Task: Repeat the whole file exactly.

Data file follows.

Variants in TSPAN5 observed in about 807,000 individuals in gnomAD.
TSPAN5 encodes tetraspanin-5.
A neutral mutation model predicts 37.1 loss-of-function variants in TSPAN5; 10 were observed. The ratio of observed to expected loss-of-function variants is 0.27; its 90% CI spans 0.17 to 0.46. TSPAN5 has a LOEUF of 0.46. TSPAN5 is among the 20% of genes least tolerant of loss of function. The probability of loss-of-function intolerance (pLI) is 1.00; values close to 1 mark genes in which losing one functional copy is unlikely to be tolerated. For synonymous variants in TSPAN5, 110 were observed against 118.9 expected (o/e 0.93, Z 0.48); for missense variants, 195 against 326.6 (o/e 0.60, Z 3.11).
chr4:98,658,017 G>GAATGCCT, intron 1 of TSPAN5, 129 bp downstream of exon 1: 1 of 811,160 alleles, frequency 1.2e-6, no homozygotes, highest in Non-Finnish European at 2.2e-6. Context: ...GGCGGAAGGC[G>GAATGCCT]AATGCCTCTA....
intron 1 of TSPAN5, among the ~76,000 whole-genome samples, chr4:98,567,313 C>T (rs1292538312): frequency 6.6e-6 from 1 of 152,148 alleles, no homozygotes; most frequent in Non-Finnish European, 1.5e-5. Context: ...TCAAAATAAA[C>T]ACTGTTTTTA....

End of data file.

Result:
Variants in TSPAN5 observed in about 807,000 individuals in gnomAD.
TSPAN5 encodes tetraspanin-5.
A neutral mutation model predicts 37.1 loss-of-function variants in TSPAN5; 10 were observed. The ratio of observed to expected loss-of-function variants is 0.27; its 90% CI spans 0.17 to 0.46. TSPAN5 has a LOEUF of 0.46. TSPAN5 is among the 20% of genes least tolerant of loss of function. The probability of loss-of-function intolerance (pLI) is 1.00; values close to 1 mark genes in which losing one functional copy is unlikely to be tolerated. For synonymous variants in TSPAN5, 110 were observed against 118.9 expected (o/e 0.93, Z 0.48); for missense variants, 195 against 326.6 (o/e 0.60, Z 3.11).
chr4:98,658,017 G>GAATGCCT, intron 1 of TSPAN5, 129 bp downstream of exon 1: 1 of 811,160 alleles, frequency 1.2e-6, no homozygotes, highest in Non-Finnish European at 2.2e-6. Context: ...GGCGGAAGGC[G>GAATGCCT]AATGCCTCTA....
intron 1 of TSPAN5, among the ~76,000 whole-genome samples, chr4:98,567,313 C>T (rs1292538312): frequency 6.6e-6 from 1 of 152,148 alleles, no homozygotes; most frequent in Non-Finnish European, 1.5e-5. Context: ...TCAAAATAAA[C>T]ACTGTTTTTA....